from his weblog of the Ev. Akademie Bonn. The first text "Thank you Eve" sees in the so-called "Fall" from Gen. 2 the leap of man to cognitive thinking. Only through this did man become a human being in today's sense. The second text deals with the question of guilt for the death of Jesus. A guilt of the Jewish people is not recognizable from a historical-critical point of view. God's covenant with Israel has not been terminated, therefore a baptism of the Jews is unnecessary. Through Jesus-Christ we can be chosen. The third text deals with the question of Jesus' year of birth, which has not been completely clarified in research. Alternatives are addressed, including a research paper with new points of view. In the last text the author's aim is to show that theology and natural sciences are no longer opposites and complement each other. This is made possible by the latest results of quantum theory. This book has been translated with Artificial Intelligence.
Many tests and consumer surveys have shown that manual dishwashing at home is done in very different ways, taking also different amounts of resources. Because almost every household, whether owning an automatic dishwasher or not still keeps on washing up a few items by hand, it seems necessary to investigate manual dishwashing regarding optimisation. Therefore, a project was run at the University of Bonn to find out an optimal way to clean the dishes by hand. Optimisation in this case means to reach a reasonably good cleaning performance with the minimum amount of resources, as water and energy for example. First, manual dishwashing was investigated experimentally: A repeatable method was developed for the sink washing process and with this method, several factorial studies were performed to find the factors in the process that influence the cleaning performance most. On the basis of the results of the experimental investigation and the knowledge – from previous studies on manual dishwashing – on how consumers wash up, Best Practice Tips were defined as an applicable guide for the consumer to save resources. In order to find out if it is possible to save resources when consumers apply the Best Practice Tips, several verification studies were run: three comparative laboratory studies, in which the test persons had to wash up different amounts of dishes, once with their usual behaviour and once by applying the Best Practice Tips. The results showed that especially with higher amounts of dishes, relevant resources of energy and water can be saved. However – possibly due to a different method existing for washing up of only a few items – no significant reduction was found when consumers were applying the Best Practice Tips with small amounts of dishes. As a next step, the possibility to save resources with the Best Practice Tips was verified in an in-home study in two countries (Germany and Spain). The findings of the previous studies could be confirmed in general. The savings of water and energy were especially high when persons usually washing up under running tap water changed their behaviour and washed up the dishes in a sink filled with water. However, the individual savings differed very much. This work delivers fundamental knowledge how resources can be saved in manual dishwashing. It is up to future studies to intensify the experimental investigation of manual dishwashing and the training with the Best Practice Tips.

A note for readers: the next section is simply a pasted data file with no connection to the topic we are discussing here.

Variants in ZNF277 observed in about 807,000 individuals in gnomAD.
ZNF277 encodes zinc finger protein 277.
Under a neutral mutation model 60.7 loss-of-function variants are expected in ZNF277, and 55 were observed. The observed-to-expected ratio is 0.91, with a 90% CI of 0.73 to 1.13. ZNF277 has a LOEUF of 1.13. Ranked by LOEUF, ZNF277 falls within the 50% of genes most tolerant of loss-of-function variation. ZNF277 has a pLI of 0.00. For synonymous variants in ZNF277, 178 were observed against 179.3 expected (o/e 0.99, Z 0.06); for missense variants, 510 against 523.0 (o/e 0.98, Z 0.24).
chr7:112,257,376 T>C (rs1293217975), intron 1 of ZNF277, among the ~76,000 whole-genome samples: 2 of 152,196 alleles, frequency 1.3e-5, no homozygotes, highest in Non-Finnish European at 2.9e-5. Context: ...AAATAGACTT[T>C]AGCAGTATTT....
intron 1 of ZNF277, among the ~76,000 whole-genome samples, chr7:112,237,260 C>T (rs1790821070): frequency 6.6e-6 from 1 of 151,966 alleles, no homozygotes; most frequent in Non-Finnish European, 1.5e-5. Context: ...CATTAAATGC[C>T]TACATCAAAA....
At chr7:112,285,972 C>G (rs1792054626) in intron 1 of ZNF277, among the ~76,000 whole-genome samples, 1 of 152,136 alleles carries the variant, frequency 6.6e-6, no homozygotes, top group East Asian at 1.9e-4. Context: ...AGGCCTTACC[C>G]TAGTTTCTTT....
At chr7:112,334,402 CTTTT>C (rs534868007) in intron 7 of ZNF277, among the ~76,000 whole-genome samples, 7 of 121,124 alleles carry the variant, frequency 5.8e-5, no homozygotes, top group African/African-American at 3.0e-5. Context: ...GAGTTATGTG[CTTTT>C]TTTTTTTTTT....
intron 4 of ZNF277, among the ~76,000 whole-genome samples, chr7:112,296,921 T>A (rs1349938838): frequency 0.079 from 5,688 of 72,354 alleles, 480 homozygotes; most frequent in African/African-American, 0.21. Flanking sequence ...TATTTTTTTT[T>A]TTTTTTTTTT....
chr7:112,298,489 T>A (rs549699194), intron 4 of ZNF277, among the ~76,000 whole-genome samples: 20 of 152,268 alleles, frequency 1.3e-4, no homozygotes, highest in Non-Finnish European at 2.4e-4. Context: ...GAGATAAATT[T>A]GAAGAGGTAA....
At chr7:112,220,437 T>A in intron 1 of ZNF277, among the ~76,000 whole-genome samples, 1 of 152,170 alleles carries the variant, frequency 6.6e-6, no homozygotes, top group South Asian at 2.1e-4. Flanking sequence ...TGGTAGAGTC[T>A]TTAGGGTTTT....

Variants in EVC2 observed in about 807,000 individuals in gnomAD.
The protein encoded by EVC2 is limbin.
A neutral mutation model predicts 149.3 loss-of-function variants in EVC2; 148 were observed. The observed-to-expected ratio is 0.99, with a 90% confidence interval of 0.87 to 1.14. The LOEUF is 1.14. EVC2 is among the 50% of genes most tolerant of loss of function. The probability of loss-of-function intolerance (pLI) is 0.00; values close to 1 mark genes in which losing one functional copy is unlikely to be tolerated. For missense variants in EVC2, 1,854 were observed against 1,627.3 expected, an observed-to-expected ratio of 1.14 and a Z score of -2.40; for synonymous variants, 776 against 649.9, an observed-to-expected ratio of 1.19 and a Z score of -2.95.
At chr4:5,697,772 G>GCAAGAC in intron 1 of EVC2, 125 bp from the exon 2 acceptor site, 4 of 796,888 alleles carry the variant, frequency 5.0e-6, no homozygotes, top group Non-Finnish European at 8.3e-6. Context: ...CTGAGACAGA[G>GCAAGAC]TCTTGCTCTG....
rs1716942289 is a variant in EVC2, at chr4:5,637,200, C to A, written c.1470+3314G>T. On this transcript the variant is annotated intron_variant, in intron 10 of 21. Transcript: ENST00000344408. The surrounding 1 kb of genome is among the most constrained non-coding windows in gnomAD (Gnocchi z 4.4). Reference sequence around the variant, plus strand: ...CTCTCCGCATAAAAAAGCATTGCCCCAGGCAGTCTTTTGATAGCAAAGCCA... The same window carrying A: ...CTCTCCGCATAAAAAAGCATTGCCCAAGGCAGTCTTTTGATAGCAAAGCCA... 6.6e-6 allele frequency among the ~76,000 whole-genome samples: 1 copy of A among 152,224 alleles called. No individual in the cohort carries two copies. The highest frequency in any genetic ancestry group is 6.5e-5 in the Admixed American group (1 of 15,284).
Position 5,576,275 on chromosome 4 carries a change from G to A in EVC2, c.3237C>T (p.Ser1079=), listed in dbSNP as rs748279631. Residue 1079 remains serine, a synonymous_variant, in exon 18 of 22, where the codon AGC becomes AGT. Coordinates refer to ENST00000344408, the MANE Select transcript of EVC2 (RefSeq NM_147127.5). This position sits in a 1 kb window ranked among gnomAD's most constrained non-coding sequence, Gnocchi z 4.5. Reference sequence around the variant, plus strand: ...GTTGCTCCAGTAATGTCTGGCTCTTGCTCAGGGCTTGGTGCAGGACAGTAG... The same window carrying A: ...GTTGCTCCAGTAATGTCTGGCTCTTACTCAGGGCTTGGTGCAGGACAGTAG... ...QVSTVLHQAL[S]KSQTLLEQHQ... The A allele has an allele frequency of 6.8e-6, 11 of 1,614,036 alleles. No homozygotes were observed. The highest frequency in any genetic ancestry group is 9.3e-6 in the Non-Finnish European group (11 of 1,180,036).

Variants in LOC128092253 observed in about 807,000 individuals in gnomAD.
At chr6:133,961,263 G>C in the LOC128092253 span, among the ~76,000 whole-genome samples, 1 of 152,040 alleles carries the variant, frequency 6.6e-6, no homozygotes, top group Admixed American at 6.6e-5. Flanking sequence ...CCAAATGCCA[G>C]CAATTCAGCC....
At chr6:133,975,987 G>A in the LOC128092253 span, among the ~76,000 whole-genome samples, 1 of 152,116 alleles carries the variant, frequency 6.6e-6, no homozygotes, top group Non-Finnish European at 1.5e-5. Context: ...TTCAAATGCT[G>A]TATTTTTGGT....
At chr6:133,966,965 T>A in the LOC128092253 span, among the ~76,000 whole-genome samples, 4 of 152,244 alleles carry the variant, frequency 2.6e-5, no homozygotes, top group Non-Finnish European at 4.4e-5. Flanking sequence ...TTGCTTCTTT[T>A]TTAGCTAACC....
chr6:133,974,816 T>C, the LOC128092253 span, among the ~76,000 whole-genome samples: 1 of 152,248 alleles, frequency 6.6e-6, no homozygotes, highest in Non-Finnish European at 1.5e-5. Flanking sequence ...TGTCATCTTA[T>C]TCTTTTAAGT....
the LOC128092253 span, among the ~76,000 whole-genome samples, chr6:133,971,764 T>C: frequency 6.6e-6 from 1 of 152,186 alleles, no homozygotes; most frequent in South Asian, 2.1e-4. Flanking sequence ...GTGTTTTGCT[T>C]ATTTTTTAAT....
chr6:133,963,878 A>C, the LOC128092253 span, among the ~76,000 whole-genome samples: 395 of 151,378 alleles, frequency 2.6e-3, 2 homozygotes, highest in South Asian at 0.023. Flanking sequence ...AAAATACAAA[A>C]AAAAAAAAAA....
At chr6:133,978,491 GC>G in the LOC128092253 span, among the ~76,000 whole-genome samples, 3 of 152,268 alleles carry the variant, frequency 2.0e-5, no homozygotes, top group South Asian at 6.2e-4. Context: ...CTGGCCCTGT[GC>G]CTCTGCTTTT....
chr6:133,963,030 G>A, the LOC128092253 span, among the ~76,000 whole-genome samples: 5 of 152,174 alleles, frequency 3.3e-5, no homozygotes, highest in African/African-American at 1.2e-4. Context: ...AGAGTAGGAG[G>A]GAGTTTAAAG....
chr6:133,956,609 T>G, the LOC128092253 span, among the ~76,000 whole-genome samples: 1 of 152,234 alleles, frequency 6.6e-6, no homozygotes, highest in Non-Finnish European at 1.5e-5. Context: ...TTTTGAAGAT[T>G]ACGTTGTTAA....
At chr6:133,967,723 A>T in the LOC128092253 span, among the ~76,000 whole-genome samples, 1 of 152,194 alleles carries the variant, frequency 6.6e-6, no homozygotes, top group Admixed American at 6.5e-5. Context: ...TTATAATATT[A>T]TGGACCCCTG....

It has been thirty years since one of the authors (EJD) began a collaboration with Professor Milton Kerker at Clarkson University in Potsdam, New York using light scattering methods to study aerosol processes. The development of a relatively short-lived commercial particle levitator based on a modification of the Millikan oil drop experiment attracted their attention and led the author to the study of single droplets and solid microparticles by levitation methods. The early work on measurements of droplet evaporation rates using light scattering techniques to determine the size slowly expanded and diversified as better instrumentation was developed, and faster computers made it possible to perform Mie theory light scattering calculations with ease. Several milestones can be identified in the progress of single microparticle studies. The first is the introduction of the electrodynamic balance, which provided more robust trapping of a particle. The electrodynamic levitator, which has played an important role in atomic and molecular ion spectroscopy, leading to the Nobel Prize in Physics in 1989 shared by Wolfgang Paul of Bonn University and Hans Dehmelt of the University of Washington, was easily adapted to trap microparticles. Simultaneously, improvements in detectors for acquiring and storing light scattering data and theoretical and experimental studies of the interesting optical properties of microspheres, especially the work on morphology dependent resonances by Arthur Ashkin at the Bell Laboratories, Richard Chang, from Yale University, and Tony Campillo from the Naval Research Laboratories in Washington D. C.